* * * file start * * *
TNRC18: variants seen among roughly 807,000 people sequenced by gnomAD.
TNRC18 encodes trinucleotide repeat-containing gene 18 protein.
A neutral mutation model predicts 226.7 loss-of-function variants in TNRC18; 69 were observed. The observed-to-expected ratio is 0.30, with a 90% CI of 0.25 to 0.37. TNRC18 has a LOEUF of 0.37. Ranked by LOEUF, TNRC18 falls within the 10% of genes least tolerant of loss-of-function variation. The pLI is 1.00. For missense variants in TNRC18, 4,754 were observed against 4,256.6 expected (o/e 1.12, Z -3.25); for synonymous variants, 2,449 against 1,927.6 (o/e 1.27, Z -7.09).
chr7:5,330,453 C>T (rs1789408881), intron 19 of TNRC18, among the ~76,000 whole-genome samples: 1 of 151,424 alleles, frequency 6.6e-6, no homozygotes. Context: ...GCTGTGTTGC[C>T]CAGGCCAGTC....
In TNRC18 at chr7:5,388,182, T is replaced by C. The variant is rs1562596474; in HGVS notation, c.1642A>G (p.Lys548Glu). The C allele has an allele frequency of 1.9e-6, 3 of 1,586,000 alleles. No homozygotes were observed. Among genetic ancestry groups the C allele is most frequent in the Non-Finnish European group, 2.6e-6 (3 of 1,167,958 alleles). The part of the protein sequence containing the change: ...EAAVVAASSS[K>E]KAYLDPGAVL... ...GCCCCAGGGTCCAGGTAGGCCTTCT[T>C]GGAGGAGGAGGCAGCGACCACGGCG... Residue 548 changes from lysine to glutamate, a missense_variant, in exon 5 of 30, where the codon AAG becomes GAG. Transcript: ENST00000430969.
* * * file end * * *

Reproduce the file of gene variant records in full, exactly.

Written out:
TNRC18: variants seen among roughly 807,000 people sequenced by gnomAD.
TNRC18 encodes trinucleotide repeat-containing gene 18 protein.
A neutral mutation model predicts 226.7 loss-of-function variants in TNRC18; 69 were observed. The observed-to-expected ratio is 0.30, with a 90% CI of 0.25 to 0.37. TNRC18 has a LOEUF of 0.37. Ranked by LOEUF, TNRC18 falls within the 10% of genes least tolerant of loss-of-function variation. The pLI is 1.00. For missense variants in TNRC18, 4,754 were observed against 4,256.6 expected (o/e 1.12, Z -3.25); for synonymous variants, 2,449 against 1,927.6 (o/e 1.27, Z -7.09).
chr7:5,330,453 C>T (rs1789408881), intron 19 of TNRC18, among the ~76,000 whole-genome samples: 1 of 151,424 alleles, frequency 6.6e-6, no homozygotes. Context: ...GCTGTGTTGC[C>T]CAGGCCAGTC....
In TNRC18 at chr7:5,388,182, T is replaced by C. The variant is rs1562596474; in HGVS notation, c.1642A>G (p.Lys548Glu). The C allele has an allele frequency of 1.9e-6, 3 of 1,586,000 alleles. No homozygotes were observed. Among genetic ancestry groups the C allele is most frequent in the Non-Finnish European group, 2.6e-6 (3 of 1,167,958 alleles). The part of the protein sequence containing the change: ...EAAVVAASSS[K>E]KAYLDPGAVL... ...GCCCCAGGGTCCAGGTAGGCCTTCT[T>C]GGAGGAGGAGGCAGCGACCACGGCG... Residue 548 changes from lysine to glutamate, a missense_variant, in exon 5 of 30, where the codon AAG becomes GAG. Transcript: ENST00000430969.